I've always found the gulf between architect and end user most fascinating, particularly the legibility of architectural production (plans, elevations, sections, details, sketches, models, perspectives, renderings, etc.) by -- for lack of a better term -- laypeople. It goes without saying that much of that produced by the former is not fully grasped by the latter, in terms of how a set of drawings, for example, will translate into a building. Models and renderings attempt to bridge this gulf of understanding, but in some cases diagrams done after a building's completion can prove even more helpful.
These post-occupancy aids may be done for publication, though more often than not they are done for public buildings (museums, libraries, etc.) as wayfinding devices, given to visitors to help orient themselves in space. The effectiveness, and apparent legibility, of such devices makes me wonder if architects could benefit from them in some way, by not only using them as aids in the design process, but as tools for influencing design. Why not start with the diagram and work back to the plan, section, elevation, and perspective? Silly speculation, most likely, but one that made me take a look at some recent buildings (museums mainly) and see how diagrams present the final building to visitors, the laypeople architects depend on but sometimes forget about during architectural production.
Below is a sampling of what I found, with some broad categorizations on how the diagrams increase legibility.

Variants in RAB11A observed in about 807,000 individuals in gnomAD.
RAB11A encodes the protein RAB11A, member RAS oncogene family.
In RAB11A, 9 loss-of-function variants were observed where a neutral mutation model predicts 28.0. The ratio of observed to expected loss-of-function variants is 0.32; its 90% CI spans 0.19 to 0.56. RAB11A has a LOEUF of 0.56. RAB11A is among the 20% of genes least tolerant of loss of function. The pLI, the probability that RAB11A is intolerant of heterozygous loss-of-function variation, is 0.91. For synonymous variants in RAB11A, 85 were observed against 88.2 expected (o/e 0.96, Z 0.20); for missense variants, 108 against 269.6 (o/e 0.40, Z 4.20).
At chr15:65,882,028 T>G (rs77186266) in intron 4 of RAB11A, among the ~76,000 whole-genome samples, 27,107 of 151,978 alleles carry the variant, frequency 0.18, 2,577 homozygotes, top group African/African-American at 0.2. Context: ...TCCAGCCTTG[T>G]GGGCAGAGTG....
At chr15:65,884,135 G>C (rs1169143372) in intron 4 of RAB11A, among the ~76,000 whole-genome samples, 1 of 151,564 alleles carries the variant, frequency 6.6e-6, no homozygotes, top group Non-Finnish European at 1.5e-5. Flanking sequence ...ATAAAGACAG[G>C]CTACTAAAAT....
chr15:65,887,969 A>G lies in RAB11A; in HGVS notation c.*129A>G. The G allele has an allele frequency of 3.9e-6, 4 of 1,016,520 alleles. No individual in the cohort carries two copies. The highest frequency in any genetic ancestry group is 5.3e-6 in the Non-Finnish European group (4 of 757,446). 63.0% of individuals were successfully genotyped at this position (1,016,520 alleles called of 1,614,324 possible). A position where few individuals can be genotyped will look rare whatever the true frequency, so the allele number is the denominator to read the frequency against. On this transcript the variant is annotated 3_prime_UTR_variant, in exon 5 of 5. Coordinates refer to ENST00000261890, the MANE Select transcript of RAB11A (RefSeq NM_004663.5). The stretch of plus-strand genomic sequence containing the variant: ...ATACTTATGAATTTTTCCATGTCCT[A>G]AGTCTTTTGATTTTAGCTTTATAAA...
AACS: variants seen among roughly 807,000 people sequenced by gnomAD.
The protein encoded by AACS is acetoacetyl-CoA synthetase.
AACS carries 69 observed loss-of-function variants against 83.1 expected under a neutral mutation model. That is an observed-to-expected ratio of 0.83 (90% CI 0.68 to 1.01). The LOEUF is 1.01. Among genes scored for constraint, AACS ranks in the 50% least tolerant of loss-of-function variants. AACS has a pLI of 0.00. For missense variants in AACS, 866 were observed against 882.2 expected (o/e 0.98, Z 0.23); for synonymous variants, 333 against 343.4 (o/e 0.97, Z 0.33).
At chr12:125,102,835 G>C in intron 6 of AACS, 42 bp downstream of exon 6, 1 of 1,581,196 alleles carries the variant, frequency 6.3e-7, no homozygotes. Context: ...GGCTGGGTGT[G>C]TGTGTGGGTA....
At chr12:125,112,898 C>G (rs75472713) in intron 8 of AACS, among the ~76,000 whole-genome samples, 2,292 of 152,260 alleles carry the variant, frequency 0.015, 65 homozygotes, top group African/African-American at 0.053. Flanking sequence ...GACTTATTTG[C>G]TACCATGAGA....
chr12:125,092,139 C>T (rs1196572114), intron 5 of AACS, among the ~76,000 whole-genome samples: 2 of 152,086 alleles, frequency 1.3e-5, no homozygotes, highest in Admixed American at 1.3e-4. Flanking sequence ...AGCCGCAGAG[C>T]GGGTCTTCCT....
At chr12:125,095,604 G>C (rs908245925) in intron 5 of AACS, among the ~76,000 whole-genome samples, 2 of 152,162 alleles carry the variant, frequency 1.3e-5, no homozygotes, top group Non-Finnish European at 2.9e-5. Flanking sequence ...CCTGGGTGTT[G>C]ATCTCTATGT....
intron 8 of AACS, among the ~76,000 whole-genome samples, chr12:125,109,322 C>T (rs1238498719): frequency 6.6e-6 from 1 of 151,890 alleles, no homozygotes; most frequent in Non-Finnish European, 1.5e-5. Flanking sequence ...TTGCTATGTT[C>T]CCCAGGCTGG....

The color-coded plan:
[The Akron Art Museum in Akron, Ohio by Coop Himmelb(l)au | image source (PDF link)]
[The Glass Pavilion of the Toledo Museum of Art in Toledo, Ohio by SANAA | image source (PDF link)]
[The Bloch Building of The Nelson-Atkins Museum of Art in Kansas City, Missouri by Steven Holl Architects | image source (PDF link)]
The solid-void plan:
[The Royal Ontario Art Museum in Toronto, Ontario, Canady by Studio Daniel Libeskind | image source (PDF link)]
The invisible envelope:
[The Jewish Museum Berlin in Berlin, Germany by Studio Daniel Libeskind | image source (PDF link)]
The simplified section:
[The Spertus Institute of Jewish Studies in Chicago, Illinois by Krueck + Sexton Architects | image source]
[The Central Library of the Seattle Public Library in Seattle, Washington by Office for Metropolitan Architecture | image source (PDF link)]
The exploded axonometric:
[The deYoung Museum in San Francisco, California by Herzog & de Meuron | image source (PDF link)]
[The Museum of Modern Art in New York City by (most recently) Yoshio Taniguchi | image source (PDF link)]
and (with Flash interactivity):
[The Tate Modern in London, England by Herzog & de Meuron | image source]